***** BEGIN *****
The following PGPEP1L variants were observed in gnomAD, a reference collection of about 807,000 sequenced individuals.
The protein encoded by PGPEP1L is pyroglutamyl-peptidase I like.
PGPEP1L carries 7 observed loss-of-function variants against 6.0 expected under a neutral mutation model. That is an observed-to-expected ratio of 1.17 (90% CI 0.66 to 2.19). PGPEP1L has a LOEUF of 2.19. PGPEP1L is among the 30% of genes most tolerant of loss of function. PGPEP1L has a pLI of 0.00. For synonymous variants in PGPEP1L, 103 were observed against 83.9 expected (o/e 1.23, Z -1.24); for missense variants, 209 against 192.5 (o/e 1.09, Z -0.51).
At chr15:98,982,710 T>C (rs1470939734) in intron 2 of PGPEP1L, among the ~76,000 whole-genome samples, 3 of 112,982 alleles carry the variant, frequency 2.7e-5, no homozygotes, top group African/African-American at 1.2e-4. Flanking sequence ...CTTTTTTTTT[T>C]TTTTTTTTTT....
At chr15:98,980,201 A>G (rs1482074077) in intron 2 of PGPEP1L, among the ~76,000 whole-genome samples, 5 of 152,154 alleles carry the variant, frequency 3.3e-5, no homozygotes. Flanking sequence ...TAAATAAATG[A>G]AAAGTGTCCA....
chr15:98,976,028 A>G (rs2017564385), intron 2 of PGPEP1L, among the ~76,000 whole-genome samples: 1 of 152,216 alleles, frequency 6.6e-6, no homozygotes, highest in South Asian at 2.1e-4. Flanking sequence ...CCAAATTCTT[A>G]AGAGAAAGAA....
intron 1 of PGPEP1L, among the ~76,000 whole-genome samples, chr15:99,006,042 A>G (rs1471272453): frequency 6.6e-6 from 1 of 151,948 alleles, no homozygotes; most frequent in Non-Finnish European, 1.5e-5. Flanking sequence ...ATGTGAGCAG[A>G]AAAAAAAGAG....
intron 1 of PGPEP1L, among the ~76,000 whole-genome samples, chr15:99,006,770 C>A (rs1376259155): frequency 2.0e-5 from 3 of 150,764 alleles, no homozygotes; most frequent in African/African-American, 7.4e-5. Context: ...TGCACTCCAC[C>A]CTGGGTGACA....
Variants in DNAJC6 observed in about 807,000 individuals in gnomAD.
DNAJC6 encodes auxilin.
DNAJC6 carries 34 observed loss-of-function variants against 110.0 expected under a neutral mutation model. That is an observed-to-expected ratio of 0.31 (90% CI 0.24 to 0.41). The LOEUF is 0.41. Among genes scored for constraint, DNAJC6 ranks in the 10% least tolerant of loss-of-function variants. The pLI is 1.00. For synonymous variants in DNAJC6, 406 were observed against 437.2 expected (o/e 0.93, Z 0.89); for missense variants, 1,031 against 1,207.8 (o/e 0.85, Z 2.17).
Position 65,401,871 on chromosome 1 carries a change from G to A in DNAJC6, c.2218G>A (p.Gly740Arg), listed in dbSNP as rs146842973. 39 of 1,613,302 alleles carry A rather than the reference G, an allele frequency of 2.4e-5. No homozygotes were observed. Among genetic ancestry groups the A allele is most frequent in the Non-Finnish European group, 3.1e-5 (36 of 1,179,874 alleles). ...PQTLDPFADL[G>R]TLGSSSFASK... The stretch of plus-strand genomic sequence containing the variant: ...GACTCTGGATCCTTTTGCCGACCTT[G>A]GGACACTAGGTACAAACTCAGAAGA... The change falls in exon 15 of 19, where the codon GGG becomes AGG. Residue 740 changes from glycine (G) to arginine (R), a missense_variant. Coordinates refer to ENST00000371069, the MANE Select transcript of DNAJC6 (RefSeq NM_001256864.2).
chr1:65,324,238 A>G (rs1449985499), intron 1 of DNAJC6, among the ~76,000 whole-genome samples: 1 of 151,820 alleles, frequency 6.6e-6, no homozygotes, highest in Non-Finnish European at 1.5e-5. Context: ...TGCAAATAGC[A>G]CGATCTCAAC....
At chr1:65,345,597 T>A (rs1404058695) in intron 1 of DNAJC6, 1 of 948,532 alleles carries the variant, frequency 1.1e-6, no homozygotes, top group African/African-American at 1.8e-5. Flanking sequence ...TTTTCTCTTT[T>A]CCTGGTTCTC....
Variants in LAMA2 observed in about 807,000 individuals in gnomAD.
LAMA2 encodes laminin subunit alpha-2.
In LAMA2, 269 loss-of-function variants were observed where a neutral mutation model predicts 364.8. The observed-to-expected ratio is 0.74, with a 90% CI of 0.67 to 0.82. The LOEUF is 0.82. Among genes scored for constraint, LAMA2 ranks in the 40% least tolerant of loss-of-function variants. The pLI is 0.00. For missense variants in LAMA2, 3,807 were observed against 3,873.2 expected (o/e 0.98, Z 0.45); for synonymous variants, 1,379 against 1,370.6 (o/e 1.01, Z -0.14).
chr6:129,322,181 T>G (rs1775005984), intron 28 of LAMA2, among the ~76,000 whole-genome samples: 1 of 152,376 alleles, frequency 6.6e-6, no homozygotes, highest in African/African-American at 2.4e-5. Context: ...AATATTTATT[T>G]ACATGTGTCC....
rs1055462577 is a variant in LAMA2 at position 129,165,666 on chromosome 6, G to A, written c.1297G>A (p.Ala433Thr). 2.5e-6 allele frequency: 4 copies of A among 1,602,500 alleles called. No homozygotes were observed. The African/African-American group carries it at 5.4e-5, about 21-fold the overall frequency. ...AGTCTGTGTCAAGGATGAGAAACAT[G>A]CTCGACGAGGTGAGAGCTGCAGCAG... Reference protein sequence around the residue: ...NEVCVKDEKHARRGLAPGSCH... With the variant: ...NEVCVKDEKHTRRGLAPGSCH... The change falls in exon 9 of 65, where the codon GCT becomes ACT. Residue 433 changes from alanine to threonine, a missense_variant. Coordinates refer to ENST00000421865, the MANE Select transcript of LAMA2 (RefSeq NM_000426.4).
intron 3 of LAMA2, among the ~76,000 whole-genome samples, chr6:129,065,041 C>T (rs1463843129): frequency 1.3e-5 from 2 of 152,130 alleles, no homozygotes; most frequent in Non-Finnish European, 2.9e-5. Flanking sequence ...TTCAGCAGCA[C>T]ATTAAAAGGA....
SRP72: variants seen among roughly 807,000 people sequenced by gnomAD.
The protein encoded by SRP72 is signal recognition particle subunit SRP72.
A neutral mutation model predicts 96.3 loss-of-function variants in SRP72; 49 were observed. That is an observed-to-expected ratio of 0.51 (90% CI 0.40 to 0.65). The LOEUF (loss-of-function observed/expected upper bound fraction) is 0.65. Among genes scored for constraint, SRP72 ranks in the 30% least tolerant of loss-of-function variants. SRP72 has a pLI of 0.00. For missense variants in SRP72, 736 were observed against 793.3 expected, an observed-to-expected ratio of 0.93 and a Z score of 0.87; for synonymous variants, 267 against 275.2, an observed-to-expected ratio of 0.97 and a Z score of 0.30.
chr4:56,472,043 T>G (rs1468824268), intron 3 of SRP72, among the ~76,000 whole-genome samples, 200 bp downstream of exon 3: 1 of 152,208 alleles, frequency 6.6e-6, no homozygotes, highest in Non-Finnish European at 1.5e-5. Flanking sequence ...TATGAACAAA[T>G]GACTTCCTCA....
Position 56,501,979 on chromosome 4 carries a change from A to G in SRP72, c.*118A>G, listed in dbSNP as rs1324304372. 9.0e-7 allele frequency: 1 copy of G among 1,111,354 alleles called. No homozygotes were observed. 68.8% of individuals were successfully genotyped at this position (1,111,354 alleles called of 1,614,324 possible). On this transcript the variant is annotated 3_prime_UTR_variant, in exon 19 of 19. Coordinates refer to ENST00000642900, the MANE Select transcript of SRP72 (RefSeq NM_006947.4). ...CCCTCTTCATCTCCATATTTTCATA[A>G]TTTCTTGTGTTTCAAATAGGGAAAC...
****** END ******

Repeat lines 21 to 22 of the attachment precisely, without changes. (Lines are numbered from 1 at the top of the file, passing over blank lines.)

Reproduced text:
SRP72: variants seen among roughly 807,000 people sequenced by gnomAD.
The protein encoded by SRP72 is signal recognition particle subunit SRP72.